You sure seem fixated on a bunch of very weird so-called marriage possibilities.

Homosexual "marriage" was once considered a "very weird" possibility too - lucretius already admitted that polygamy is next - I guess you haven't heard SecularAnimist talk about dolphins lately, have you?

Posted by: Don P. on June 7, 2006 at 5:18 PM | PERMALINK

glenn:

Activist judges will not care. That being said, on my side of the spectrum, I am not advocating the execution of homosexuals.

SecularAnimist:

I am neither "Charlie", "Cheney", nor "GOP" - and if I have a mental disease, at least it is not one found in the The American Psychiatric Association "Diagnostic and Statistical Manual of Mental Disorders" as recently as 30 years ago.

Will you support a change in DSM-IV for this too:

"Pedophilia (302.2):

A. Over a period of at least 6 months, recurrent, intense sexually arousing fantasies, sexual urges, or behaviors involving sexual activity with a prepubescent child or children (generally age 13 years or younger);

B. The person has acted on these sexual urges, or the sexual urges or fantasies cause marked distress or interpersonal difficulty;

C. The person is at least age 16 years and at least 5 years older than the child or children in Criterion A."

NAMBLA, here we cum.

Posted by: Don P. on June 7, 2006 at 5:27 PM | PERMALINK

SecAn: This "Don P" is actually Charlie, who lately also posts as "Cheney", and I believe that he is in fact mentally disturbed.

The person who originally posted here for months with the handle "Don P" is now posting as "GOP".

All correct so far. But are you saying you think Charlie's the only one of these two gentlemen who's mentally disturbed?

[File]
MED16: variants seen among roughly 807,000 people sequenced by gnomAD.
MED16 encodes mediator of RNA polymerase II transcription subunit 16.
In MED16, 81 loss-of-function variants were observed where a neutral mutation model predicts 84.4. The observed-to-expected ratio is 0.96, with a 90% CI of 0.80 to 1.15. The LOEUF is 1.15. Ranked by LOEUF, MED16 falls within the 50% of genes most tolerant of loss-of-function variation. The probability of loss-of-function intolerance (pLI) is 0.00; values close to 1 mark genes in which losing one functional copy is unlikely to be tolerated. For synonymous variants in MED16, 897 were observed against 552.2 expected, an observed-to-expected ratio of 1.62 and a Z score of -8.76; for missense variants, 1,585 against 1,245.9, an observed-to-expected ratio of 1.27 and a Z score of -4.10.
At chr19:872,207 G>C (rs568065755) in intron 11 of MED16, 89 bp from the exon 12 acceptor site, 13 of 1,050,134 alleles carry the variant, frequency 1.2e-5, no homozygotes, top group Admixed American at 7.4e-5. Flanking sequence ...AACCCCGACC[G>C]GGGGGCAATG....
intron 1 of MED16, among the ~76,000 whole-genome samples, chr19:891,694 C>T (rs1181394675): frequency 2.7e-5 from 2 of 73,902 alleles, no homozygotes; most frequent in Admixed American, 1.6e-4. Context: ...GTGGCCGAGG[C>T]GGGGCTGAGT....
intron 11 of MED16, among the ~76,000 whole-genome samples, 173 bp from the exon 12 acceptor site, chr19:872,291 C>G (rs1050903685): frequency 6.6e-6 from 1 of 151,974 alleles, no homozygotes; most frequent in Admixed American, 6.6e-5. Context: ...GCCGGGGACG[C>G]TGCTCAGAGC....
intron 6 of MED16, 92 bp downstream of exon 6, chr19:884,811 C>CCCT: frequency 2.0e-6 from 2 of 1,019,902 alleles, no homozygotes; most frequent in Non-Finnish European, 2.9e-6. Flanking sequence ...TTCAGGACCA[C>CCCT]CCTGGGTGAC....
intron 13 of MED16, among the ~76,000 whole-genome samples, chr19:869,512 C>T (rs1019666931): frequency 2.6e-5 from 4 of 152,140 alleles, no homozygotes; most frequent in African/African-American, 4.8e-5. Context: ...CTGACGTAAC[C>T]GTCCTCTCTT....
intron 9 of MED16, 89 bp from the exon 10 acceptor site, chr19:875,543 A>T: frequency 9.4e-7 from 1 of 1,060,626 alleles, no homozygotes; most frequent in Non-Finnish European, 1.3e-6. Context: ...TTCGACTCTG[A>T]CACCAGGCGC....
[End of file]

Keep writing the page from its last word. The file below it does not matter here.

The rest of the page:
Posted by: shortstop on June 7, 2006 at 5:49 PM | PERMALINK

"I'm really proud to say that in the recorded history of our family, we've never had a divorce or any kind of homosexual relationship."

So Senator Inhofe's gay son has never been in a relationship? That's sad.

Posted by: TQ on June 7, 2006 at 6:04 PM | PERMALINK

" Now if a gay marriage proponent accepts the likelihood that a polygamist can essentially follow the same argument to insist that his or her lifestyle should be legally recognized then I'm fine with the debate. (Stefan quoting another poster)

But as I said before, this has already happened with straight marriage. We've had polygamy for millenia, far longer than we've had the idea of gay marriage -- so why is gay marriage more likely to lead to polygamy when straight marriage has already led to such, for thousands of year already?"

Posted by: Stefan on June 7, 2006 at 11:11 AM

Very good question, which must be why you never got any answer back from those taking this position about gay marriage leading to polygamy being a reason to oppose gay marriage. Given the history of polygamy recorded in the Bible (that same authority cited by so many opposed to gay marriage as well as used to "prove" homosexuality itself is evil/sin) your point and the question you posed is right on the mark. So why is this, along with the marrying of turtles and adults/children (which as I recall also used to be acceptable in some cultures including European ones that were also ostensibly Christian nations, although usually for reasons of State) and other idiocies the main/best arguments outside of simple religious discrimination and/or homophobic driven discrimination these opponents of gay marriage can come up with?